Is the financial world about to collapse? You’d think so if you listened to the financiers
What on earth is happening in the financial markets? Last week Northern Rock was going bust, stock markets were collapsing and the world banking system seemed to be going down the tubes. Now everything has reversed. Markets are soaring. Northern Rock shareholders, instead of losing everything, as expected a week ago are threatening to sue the Government unless they double their money. The Abu Dhabi Investment Authority (ADIA), the world’s biggest investment institution, suddenly launched a dawn raid on Tuesday to snap up $7.5 billion worth of shares in Citicorp, the world’s biggest and most troubled bank. So is the financial world about to collapse or are all the crises over?
The answer, of course, is neither. Markets always go up and down and these short-term fluctuations tell us nothing about the world outside the City and Wall Street. This is particularly true today because the markets’ recent gyrations are caused mainly by short-term factors that will soon ebb away.
Investors are obviously still worried, as they have been since August, about the weakness of the US housing market and the exposure of banks to defaulting low-income mortgage borrowers, but these risks have not changed since mid-October, when stock markets all over the world were hitting record highs. What has changed is the emotional response of investors to these risks.
In a nutshell, investors feel betrayed. The banks told investors and regulators before the summer that they had learnt lessons from previous crises and had found new ways of making profits without exposing their capital to old-fashioned lending risks. Instead, these risks had been transferred, through clever financial engineering, to pension funds, insurance companies, Asian governments and other long-term investors with deep pockets. This has now been exposed as a myth. As a result, the share prices of banks are collapsing and their managers are being fired — though, being bankers, their reward for incompetence and deception is a multimillion golden handshake from the shareholders and taxpayers whom they abused.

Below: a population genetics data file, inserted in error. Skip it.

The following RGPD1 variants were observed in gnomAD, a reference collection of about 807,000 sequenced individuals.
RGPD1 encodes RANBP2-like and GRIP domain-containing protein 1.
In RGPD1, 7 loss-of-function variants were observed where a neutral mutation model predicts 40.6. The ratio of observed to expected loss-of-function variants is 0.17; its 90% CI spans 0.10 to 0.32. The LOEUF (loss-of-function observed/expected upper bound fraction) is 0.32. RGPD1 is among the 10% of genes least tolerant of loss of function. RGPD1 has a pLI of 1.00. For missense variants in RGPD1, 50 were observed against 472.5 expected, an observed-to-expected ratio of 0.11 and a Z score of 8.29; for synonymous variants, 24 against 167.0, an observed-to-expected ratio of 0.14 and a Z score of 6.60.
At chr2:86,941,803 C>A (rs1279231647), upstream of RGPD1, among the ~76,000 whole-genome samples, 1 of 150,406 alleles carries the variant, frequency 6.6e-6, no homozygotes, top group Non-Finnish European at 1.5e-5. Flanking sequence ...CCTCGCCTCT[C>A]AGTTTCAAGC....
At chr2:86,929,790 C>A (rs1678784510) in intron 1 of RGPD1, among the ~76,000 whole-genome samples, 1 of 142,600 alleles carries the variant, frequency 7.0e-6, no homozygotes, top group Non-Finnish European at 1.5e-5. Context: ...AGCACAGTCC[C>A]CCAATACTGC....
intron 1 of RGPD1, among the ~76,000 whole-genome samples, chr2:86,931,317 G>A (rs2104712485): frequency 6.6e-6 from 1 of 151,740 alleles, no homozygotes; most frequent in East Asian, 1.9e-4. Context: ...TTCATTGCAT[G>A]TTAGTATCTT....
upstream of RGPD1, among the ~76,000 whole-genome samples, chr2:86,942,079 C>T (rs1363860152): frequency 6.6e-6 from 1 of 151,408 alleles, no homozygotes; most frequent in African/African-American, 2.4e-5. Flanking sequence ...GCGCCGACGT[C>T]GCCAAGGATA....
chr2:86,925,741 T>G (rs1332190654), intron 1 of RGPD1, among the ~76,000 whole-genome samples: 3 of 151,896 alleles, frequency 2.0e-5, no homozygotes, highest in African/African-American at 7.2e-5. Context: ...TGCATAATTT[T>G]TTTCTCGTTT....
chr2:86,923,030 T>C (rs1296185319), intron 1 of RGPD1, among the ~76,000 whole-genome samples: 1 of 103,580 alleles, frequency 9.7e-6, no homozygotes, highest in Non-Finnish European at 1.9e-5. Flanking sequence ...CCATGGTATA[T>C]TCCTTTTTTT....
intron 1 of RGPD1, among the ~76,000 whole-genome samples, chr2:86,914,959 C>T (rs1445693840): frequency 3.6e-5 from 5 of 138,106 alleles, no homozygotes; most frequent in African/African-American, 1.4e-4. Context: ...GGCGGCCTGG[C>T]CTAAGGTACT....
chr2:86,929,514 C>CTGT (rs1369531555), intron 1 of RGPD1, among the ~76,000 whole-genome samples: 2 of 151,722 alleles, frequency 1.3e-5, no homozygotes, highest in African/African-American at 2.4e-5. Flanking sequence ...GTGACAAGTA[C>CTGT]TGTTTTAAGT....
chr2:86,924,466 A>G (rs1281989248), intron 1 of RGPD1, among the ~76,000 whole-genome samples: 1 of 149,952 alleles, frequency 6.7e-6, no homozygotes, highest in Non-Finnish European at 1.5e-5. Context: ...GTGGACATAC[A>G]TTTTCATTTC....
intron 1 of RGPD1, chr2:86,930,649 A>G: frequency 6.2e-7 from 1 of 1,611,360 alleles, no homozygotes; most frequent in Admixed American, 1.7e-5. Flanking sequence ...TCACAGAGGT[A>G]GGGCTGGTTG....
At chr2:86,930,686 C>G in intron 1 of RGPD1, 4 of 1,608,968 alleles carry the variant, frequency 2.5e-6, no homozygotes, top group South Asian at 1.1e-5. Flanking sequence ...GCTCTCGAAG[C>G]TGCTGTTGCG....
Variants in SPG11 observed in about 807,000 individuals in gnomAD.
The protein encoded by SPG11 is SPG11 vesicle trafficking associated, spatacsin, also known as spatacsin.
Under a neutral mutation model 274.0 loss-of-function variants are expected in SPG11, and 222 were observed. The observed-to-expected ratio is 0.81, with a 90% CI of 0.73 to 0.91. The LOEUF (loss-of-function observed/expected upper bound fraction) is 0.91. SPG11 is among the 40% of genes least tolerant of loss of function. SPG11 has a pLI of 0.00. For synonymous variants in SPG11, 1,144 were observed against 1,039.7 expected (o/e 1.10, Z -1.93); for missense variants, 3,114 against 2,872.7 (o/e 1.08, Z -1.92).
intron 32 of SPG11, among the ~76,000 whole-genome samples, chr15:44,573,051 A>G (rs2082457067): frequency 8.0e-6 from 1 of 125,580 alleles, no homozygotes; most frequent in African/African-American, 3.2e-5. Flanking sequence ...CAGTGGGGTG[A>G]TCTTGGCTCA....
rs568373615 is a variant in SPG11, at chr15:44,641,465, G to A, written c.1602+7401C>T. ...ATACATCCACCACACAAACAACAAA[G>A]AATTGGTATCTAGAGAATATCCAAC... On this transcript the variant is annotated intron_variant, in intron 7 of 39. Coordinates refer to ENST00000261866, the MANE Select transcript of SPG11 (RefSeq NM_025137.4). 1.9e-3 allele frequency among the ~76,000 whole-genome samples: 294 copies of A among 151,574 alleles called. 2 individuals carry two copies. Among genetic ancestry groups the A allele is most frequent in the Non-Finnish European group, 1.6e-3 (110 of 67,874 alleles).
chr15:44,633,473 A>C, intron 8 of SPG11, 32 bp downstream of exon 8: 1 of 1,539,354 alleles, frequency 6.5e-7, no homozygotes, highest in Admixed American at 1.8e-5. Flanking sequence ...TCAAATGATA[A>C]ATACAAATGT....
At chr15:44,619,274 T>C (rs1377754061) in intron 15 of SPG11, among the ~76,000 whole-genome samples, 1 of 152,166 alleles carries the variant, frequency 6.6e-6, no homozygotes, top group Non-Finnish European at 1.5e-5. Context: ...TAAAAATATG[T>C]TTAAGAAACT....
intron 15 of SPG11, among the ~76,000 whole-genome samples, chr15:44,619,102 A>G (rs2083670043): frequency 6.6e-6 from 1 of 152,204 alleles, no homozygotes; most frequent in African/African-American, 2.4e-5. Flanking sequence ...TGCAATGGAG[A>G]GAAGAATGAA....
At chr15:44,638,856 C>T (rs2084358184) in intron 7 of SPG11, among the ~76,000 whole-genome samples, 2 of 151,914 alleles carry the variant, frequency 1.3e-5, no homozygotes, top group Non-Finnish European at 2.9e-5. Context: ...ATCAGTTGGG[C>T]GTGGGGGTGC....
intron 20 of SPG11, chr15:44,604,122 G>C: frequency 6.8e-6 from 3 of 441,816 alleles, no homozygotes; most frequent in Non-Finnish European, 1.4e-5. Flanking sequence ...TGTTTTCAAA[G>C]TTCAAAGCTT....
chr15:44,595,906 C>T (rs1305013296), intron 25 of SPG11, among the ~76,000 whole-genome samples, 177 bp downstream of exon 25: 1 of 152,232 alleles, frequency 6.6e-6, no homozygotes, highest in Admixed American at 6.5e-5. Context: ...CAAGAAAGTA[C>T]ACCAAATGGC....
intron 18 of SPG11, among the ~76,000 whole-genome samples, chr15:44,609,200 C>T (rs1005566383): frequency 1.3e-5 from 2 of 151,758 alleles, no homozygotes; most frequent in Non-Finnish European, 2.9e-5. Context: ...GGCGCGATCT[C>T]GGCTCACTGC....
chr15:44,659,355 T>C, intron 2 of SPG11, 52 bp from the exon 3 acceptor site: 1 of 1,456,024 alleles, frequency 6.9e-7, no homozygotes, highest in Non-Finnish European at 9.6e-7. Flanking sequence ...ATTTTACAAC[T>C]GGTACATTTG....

This naturally makes people angry and, to make matters worse, the full extent of the deceptions has yet to be revealed, so that only the bravest investors, such as ADIA, can contemplate buying bank shares, however far they fall. Most of this uncertainty, however, will soon be resolved as the banks close their books for the year-end results, with directors and accountants aware that any significant mis-statements could land them in jail.
Will these results produce further shocks, triggering another stock market collapse? I have no idea and neither does anyone else, which is why the markets are so twitchy. What I do know is that market gyrations in response to these disclosures will matter much less than most financiers believe.
Financiers naturally think that they are the world’s most important people, so when their own jobs and bonuses are threatened they assume that the global economy must be under threat. Most of the time this is simply not true.
Meaningful economic indicators come out only rarely but stock markets trade every day, so in periods of uncertainty they start reacting to their own daily fluctuations as if these provided “new” information. When bank shares fall sharply, investors treat this as evidence that the financial system must be in trouble and analysts who were saying “buy” only a few weeks ago begin to scream “sell”. This, in turn, causes shares to fall farther and proves the sagacity, and maybe even inside knowledge, of those who sold. As bankers see their share prices falling, they threaten to cut lending to the real economy of jobs, investment and housing. The fear of a weakening economy then makes bank stocks fall again.